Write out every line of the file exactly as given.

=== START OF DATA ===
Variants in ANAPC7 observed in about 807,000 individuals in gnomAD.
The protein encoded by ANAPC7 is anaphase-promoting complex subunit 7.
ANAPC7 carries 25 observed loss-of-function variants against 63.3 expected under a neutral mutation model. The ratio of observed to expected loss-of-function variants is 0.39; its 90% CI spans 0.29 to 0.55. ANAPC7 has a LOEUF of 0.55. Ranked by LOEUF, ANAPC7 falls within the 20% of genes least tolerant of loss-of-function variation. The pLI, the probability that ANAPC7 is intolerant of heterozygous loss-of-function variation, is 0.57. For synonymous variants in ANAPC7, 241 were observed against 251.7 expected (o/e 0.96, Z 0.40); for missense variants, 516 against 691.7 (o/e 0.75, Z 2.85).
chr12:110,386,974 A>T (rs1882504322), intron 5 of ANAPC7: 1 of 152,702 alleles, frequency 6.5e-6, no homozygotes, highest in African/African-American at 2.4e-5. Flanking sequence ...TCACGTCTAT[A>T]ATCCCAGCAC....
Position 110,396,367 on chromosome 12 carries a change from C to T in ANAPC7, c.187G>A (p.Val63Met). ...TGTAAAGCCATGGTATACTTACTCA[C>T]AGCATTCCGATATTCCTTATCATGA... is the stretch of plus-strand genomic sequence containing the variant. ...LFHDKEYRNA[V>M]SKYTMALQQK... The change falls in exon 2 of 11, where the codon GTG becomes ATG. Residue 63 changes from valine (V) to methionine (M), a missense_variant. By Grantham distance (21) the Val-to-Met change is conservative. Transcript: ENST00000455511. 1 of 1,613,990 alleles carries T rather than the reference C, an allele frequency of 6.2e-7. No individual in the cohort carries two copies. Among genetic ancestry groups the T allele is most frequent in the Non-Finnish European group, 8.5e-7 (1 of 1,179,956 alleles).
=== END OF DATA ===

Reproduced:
Variants in ANAPC7 observed in about 807,000 individuals in gnomAD.
The protein encoded by ANAPC7 is anaphase-promoting complex subunit 7.
ANAPC7 carries 25 observed loss-of-function variants against 63.3 expected under a neutral mutation model. The ratio of observed to expected loss-of-function variants is 0.39; its 90% CI spans 0.29 to 0.55. ANAPC7 has a LOEUF of 0.55. Ranked by LOEUF, ANAPC7 falls within the 20% of genes least tolerant of loss-of-function variation. The pLI, the probability that ANAPC7 is intolerant of heterozygous loss-of-function variation, is 0.57. For synonymous variants in ANAPC7, 241 were observed against 251.7 expected (o/e 0.96, Z 0.40); for missense variants, 516 against 691.7 (o/e 0.75, Z 2.85).
chr12:110,386,974 A>T (rs1882504322), intron 5 of ANAPC7: 1 of 152,702 alleles, frequency 6.5e-6, no homozygotes, highest in African/African-American at 2.4e-5. Flanking sequence ...TCACGTCTAT[A>T]ATCCCAGCAC....
Position 110,396,367 on chromosome 12 carries a change from C to T in ANAPC7, c.187G>A (p.Val63Met). ...TGTAAAGCCATGGTATACTTACTCA[C>T]AGCATTCCGATATTCCTTATCATGA... is the stretch of plus-strand genomic sequence containing the variant. ...LFHDKEYRNA[V>M]SKYTMALQQK... The change falls in exon 2 of 11, where the codon GTG becomes ATG. Residue 63 changes from valine (V) to methionine (M), a missense_variant. By Grantham distance (21) the Val-to-Met change is conservative. Transcript: ENST00000455511. 1 of 1,613,990 alleles carries T rather than the reference C, an allele frequency of 6.2e-7. No individual in the cohort carries two copies. Among genetic ancestry groups the T allele is most frequent in the Non-Finnish European group, 8.5e-7 (1 of 1,179,956 alleles).